This article provides a thorough meta-analysis of the anomaly detection problem. To accomplish this we first identify approaches to benchmarking anomaly detection algorithms across the literature and produce a large corpus of anomaly detection benchmarks that vary in their construction across several dimensions we deem important to real-world applications: (a) point difficulty, (b) relative frequency of anomalies, (c) clusteredness of anomalies, and (d) relevance of features. We apply a representative set of anomaly detection algorithms to this corpus, yielding a very large collection of experimental results. We analyze these results to understand many phenomena observed in previous work. First we observe the effects of experimental design on experimental results. Second, results are evaluated with two metrics, ROC Area Under the Curve and Average Precision. We employ statistical hypothesis testing to demonstrate the value (or lack thereof) of our benchmarks. We then offer several approaches to summarizing our experimental results, drawing several conclusions about the impact of our methodology as well as the strengths and weaknesses of some algorithms. Last, we compare results against a trivial solution as an alternate means of normalizing the reported performance of algorithms. The intended contributions of this article are many; in addition to providing a large publicly-available corpus of anomaly detection benchmarks, we provide an ontology for describing anomaly detection contexts, a methodology for controlling various aspects of benchmark creation, guidelines for future experimental design and a discussion of the many potential pitfalls of trying to measure success in this field.


Automatic Discovery and Transfer of Task Hierarchies in Reinforcement Learning

AI Magazine

A principal one among them is the existence of multiple domains that share the same underlying causal structure for actions. We describe an approach that exploits this shared causal structure to discover a hierarchical task structure in a source domain, which in turn speeds up learning of task execution knowledge in a new target domain. Our approach is theoretically justified and compares favorably to manually designed task hierarchies in learning efficiency in the target domain. We demonstrate that causally motivated task hierarchies transfer more robustly than other kinds of detailed knowledge that depend on the idiosyncrasies of the source domain and are hence less transferable.


Automatic Discovery and Transfer of Task Hierarchies in Reinforcement Learning

AI Magazine

Sequential decision tasks present many opportunities for the study of transfer learning. A principal one among them is the existence of multiple domains that share the same underlying causal structure for actions. We describe an approach that exploits this shared causal structure to discover a hierarchical task structure in a source domain, which in turn speeds up learning of task execution knowledge in a new target domain. Our approach is theoretically justified and compares favorably to manually designed task hierarchies in learning efficiency in the target domain. We demonstrate that causally motivated task hierarchies transfer more robustly than other kinds of detailed knowledge that depend on the idiosyncrasies of the source domain and are hence less transferable.


Zhang

AAAI Conferences

In this paper we describe the application of a novel learning and problem solving architecture to the domain of airspace management, where multiple requests for the use of airspace need to be reconciled and managed automatically. The key feature of our "Generalized Integrated Learning Architecture" (GILA) is a set of integrated learning and reasoning (ILR) systems coordinated by a central meta-reasoning executive (MRE). Each ILR learns independently from the same training example and contributes to problem-solving in concert with other ILRs as directed by the MRE. Formal evaluations show that our system performs as well as or better than humans after learning from the same training data. Further, GILA outperforms any individual ILR run in isolation, thus demonstrating the power of the ensemble architecture for learning and problem solving.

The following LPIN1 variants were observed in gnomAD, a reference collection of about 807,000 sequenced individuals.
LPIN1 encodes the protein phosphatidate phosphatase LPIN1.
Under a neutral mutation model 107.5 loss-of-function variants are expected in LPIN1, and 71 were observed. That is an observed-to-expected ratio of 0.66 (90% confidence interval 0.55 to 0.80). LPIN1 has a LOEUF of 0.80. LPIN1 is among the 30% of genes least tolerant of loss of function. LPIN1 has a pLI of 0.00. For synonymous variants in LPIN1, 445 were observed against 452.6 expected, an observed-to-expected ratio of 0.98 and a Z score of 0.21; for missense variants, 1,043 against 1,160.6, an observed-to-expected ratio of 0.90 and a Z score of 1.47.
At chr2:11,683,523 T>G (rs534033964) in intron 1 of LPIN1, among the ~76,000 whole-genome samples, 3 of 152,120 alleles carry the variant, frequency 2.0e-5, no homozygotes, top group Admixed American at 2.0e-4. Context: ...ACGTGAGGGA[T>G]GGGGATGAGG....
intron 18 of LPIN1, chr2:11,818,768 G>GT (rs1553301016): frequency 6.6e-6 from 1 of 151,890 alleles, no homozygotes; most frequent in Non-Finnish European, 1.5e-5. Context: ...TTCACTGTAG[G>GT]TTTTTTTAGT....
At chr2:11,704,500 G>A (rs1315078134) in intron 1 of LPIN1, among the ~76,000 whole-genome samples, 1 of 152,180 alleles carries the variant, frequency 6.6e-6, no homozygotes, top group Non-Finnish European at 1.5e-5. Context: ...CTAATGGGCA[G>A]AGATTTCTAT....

An Ensemble Learning and Problem Solving Architecture for Airspace Management

AAAI Conferences

In this paper we describe the application of a novel learning and problem solving architecture to the domain of airspace management, where multiple requests for the use of airspace need to be reconciled and managed automatically. The key feature of our "Generalized Integrated Learning Architecture" (GILA) is a set of integrated learning and reasoning (ILR) systems coordinated by a central meta-reasoning executive (MRE). Each ILR learns independently from the same training example and contributes to problem-solving in concert with other ILRs as directed by the MRE. Formal evaluations show that our system performs as well as or better than humans after learning from the same training data. Further, GILA outperforms any individual ILR run in isolation, thus demonstrating the power of the ensemble architecture for learning and problem solving.


Improving the Performance of Radial Basis Function Networks by Learning Center Locations

Neural Information Processing Systems

Three methods for improving the performance of (gaussian) radial basis function (RBF) networks were tested on the NETtaik task. In RBF, a new example is classified by computing its Euclidean distance to a set of centers chosen by unsupervised methods. The application of supervised learning to learn a non-Euclidean distance metric was found to reduce the error rate of RBF networks, while supervised learning of each center's variance resultedin inferior performance. The best improvement in accuracy was achieved by networks called generalized radial basis function (GRBF) networks. In GRBF, the center locations are determined by supervised learning. After training on 1000 words, RBF classifies 56.5% of letters correct, while GRBF scores 73.4% letters correct (on a separate test set). From these and other experiments, we conclude that supervised learning of center locations can be very important for radial basis function learning.